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 He is the author of a treatise on ‘Railway Practice,’ and historical papers, such as ‘The Great Charge and Artillery Fighting at Gettysburg,’ and ‘Longstreet at Knoxville.’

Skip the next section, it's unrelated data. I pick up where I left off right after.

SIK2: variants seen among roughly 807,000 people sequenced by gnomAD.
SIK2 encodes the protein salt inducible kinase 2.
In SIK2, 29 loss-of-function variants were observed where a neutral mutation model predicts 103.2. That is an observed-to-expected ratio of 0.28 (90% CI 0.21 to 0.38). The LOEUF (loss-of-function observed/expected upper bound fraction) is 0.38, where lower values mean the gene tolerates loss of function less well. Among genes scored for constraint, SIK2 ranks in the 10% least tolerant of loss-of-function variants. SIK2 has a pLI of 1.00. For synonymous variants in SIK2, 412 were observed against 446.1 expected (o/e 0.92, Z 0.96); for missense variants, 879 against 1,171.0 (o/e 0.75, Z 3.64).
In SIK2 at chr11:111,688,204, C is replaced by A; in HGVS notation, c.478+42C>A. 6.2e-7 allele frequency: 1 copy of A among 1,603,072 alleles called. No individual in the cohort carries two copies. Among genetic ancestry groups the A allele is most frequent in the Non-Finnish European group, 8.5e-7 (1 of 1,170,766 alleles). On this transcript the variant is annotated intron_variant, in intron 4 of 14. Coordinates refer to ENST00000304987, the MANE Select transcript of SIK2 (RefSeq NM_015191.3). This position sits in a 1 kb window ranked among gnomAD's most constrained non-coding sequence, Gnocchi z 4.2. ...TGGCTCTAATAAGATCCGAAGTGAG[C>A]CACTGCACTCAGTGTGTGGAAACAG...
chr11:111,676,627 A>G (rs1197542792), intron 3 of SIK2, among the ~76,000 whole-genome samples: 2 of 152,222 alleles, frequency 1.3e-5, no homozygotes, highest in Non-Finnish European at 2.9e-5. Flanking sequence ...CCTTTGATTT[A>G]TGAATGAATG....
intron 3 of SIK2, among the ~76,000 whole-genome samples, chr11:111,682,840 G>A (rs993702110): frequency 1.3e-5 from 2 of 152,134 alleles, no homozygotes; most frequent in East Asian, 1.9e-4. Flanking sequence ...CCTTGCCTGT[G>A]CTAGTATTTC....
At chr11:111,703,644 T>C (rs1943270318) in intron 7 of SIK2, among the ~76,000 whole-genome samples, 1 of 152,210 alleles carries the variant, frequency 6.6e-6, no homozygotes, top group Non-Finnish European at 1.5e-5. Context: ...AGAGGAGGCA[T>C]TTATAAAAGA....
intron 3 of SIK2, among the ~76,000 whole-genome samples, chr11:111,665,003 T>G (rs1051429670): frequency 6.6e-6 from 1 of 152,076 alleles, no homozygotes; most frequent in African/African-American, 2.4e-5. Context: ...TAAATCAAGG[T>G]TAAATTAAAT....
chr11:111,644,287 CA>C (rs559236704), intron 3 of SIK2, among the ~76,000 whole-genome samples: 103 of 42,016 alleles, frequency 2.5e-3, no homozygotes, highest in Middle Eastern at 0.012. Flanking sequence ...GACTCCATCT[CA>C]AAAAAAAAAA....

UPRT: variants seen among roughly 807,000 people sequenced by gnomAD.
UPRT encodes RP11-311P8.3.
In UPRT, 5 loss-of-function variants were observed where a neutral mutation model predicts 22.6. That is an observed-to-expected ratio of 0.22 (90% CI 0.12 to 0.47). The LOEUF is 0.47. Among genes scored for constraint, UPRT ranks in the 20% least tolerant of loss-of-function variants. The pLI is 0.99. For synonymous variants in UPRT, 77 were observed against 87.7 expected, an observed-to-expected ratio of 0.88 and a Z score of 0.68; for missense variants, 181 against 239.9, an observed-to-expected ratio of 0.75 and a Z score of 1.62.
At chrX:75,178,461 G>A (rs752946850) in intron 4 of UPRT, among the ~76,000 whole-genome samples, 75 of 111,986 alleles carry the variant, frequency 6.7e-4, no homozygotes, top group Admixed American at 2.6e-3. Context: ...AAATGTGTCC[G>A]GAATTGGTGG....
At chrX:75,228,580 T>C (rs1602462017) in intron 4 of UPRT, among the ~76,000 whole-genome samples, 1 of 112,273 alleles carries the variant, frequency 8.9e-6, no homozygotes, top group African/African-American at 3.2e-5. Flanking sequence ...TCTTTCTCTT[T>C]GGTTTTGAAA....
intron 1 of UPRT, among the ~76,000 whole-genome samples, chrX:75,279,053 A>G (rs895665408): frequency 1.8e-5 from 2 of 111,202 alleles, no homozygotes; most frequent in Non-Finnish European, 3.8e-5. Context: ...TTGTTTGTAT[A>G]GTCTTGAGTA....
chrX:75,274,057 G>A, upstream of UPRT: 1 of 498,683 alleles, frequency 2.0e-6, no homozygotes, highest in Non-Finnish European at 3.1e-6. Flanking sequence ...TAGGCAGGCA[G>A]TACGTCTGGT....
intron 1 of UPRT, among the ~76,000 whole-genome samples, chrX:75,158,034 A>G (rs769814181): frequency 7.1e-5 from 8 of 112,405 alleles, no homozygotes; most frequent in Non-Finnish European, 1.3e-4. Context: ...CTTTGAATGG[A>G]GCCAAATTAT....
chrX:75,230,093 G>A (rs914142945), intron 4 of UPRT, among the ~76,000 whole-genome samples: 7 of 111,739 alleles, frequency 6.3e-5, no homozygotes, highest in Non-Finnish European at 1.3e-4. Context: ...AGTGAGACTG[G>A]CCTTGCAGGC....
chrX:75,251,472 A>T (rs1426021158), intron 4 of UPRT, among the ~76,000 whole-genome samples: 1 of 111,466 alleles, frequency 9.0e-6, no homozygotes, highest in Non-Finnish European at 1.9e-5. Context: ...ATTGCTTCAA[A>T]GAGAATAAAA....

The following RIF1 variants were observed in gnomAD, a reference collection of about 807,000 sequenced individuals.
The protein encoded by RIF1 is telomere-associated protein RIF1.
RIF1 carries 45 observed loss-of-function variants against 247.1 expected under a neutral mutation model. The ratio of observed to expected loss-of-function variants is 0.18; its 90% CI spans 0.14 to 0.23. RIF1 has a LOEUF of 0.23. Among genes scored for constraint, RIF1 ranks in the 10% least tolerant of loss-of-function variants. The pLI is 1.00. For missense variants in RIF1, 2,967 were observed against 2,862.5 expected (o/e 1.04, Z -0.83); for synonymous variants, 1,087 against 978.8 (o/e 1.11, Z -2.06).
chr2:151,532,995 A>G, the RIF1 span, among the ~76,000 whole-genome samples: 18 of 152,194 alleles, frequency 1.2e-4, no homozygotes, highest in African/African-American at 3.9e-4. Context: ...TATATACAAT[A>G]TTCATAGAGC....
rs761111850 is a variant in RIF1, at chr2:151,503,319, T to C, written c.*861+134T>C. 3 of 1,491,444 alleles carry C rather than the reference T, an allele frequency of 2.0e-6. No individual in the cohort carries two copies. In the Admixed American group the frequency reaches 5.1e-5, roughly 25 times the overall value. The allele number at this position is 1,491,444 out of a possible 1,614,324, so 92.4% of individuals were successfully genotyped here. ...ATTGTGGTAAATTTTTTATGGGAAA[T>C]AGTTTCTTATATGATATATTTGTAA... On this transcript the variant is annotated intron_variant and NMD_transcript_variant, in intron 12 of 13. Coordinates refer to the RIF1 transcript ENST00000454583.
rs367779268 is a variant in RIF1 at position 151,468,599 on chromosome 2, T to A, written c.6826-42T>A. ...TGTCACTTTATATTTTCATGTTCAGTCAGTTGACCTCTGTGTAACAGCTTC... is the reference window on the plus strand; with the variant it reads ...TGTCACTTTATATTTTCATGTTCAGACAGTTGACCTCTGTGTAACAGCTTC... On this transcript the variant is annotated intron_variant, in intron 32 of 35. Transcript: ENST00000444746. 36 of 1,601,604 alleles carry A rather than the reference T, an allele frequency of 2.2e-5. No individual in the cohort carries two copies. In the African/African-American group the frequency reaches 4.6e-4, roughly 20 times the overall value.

Brigadier-General George T. Anderson is a native of Georgia and before the war was a man of considerable property. He did not have the advantage of a military training at West Point, but did acquire practical knowledge of warlike affairs during the conflict with Mexico, where he served as a captain. When the Eleventh Georgia regiment was organized in 1861, he was elected its colonel and went with his regiment to Virginia. During the Seven Days battles around Richmond, he led a brigade consisting of his own regiment, the First regulars, Eighth, Ninth and Eleventh Georgia, and was engaged in all the operations of Magruder's command during those eventful days. Speaking of the battle of Malvern Hill, Gen. D. H. Hill says: ‘I never saw anything more grandly heroic than — the advance after sunset of the nine brigades under Magruder's orders.’ Still holding the rank of colonel, he led this brigade through the fiery ordeals of Second Manassas and Sharpsburg, conducting himself with such gallantry and showing such skill in the handling of his troops that on the 1st of November, 1862, he received the commission of brigadier-general, the duties of which position he had performed so faithfully throughout the year. The next battle in which he was engaged was at Fredericksburg. At the time of the battle of Chancellorsville, he was with Longstreet in southeast Virginia. In the desperate struggle for the possession of Round Top on the afternoon of July 2, 1863, at Gettysburg, more than 2,000 officers and men of Hood's division were killed or wounded, and among the severely wounded were Generals Hood and G. T. Anderson. In September following he had sufficiently recovered to go with Longstreet to the assistance of Bragg in north
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